So what exactly is happening in there that prevents us from jumping right back into life the day after treatment ends? There are several interrelated drivers of our need for some recovery time, including continued healing from the assaults of treatment, ongoing imbalances of metabolism, hormones, and cytokines, and general deconditioning. In addition, the psychological impact of these lingering issues keeps most folks in a state of ongoing stress, further exacerbating the symptoms.
Under the best circumstances, physical healing takes time. The evidence of a simple cut on the finger may disappear within a couple of weeks, but the average surgical scar is not considered fully healed for six months to a year. It takes that long for the body to make the right kind of cells, bring them to the right place, grow the appropriate vascular structure to support them, and remove and reprocess unnecessary scar tissue.
Similarly, chemotherapy and radiation cause side effects that take time to heal. Although both treatments target rapidly dividing cancer cells, other cells that have a high rate of turnover, such as skin and mucus membranes, can be damaged too, increasing the need for healing and adding time to the recovery process. Radiation also has the potential to change the structure of skin and connective tissue in the area surrounding the target, and can affect the vascular structure of the tissue as well, giving the body still more repair work to do.
One of the tricks the body uses to prevent the spread of cancer is cellular senescence—essentially aging the cells and shutting down their ability to replicate. Senescence also plays a role in wound healing, preventing scar tissue from growing out of control. But cellular stress, including the stress of radiation and chemotherapy, can trigger excess senescence. And unfortunately, one of the side effects of cellular senescence is inflammation, meaning that more pro-inflammatory cytokines are released, which further increases fatigue. It can take months for the body to clear the excess senescent cells and for inflammatory markers to return to normal.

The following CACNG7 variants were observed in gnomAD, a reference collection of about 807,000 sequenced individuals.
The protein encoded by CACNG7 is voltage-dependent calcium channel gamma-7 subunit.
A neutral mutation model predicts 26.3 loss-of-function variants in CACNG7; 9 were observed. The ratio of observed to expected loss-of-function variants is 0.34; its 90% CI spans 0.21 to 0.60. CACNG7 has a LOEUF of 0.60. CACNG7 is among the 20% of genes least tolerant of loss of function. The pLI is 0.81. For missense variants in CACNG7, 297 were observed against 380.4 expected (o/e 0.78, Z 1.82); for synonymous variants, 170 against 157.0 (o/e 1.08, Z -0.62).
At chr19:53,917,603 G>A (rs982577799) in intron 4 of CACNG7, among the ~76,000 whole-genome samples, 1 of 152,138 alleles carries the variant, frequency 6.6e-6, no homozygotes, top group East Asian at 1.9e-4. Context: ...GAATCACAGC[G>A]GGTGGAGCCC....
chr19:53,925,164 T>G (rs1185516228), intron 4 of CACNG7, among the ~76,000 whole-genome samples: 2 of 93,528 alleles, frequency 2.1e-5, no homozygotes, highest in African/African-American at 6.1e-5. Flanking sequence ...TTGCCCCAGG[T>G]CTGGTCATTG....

In addition to damaging tissue, treatment also attacks our fast-replicating blood cells, including platelets, red blood cells, and white blood cells. Platelets, which play an important role in tissue repair and regeneration, are killed off by chemotherapy and radiation—just when we need them most, they’ve gone missing. While we make billions of them every day, they have a life span of only ten to twelve days, so it can be tough on the body to play catch-up, which often results in bone pain as the marrow goes into overdrive.